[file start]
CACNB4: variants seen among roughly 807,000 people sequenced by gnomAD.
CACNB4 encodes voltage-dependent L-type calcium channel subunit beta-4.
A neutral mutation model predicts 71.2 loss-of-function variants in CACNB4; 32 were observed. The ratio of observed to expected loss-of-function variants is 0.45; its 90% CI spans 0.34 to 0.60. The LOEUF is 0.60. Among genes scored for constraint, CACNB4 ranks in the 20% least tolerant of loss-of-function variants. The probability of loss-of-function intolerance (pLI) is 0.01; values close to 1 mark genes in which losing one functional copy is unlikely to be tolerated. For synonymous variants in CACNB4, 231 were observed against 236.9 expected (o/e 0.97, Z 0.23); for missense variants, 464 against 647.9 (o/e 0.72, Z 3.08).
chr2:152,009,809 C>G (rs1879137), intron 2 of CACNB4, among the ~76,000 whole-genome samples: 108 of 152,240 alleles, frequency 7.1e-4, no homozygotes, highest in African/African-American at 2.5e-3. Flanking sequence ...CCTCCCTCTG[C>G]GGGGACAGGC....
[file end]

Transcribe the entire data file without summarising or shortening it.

CACNB4: variants seen among roughly 807,000 people sequenced by gnomAD.
CACNB4 encodes voltage-dependent L-type calcium channel subunit beta-4.
A neutral mutation model predicts 71.2 loss-of-function variants in CACNB4; 32 were observed. The ratio of observed to expected loss-of-function variants is 0.45; its 90% CI spans 0.34 to 0.60. The LOEUF is 0.60. Among genes scored for constraint, CACNB4 ranks in the 20% least tolerant of loss-of-function variants. The probability of loss-of-function intolerance (pLI) is 0.01; values close to 1 mark genes in which losing one functional copy is unlikely to be tolerated. For synonymous variants in CACNB4, 231 were observed against 236.9 expected (o/e 0.97, Z 0.23); for missense variants, 464 against 647.9 (o/e 0.72, Z 3.08).
chr2:152,009,809 C>G (rs1879137), intron 2 of CACNB4, among the ~76,000 whole-genome samples: 108 of 152,240 alleles, frequency 7.1e-4, no homozygotes, highest in African/African-American at 2.5e-3. Flanking sequence ...CCTCCCTCTG[C>G]GGGGACAGGC....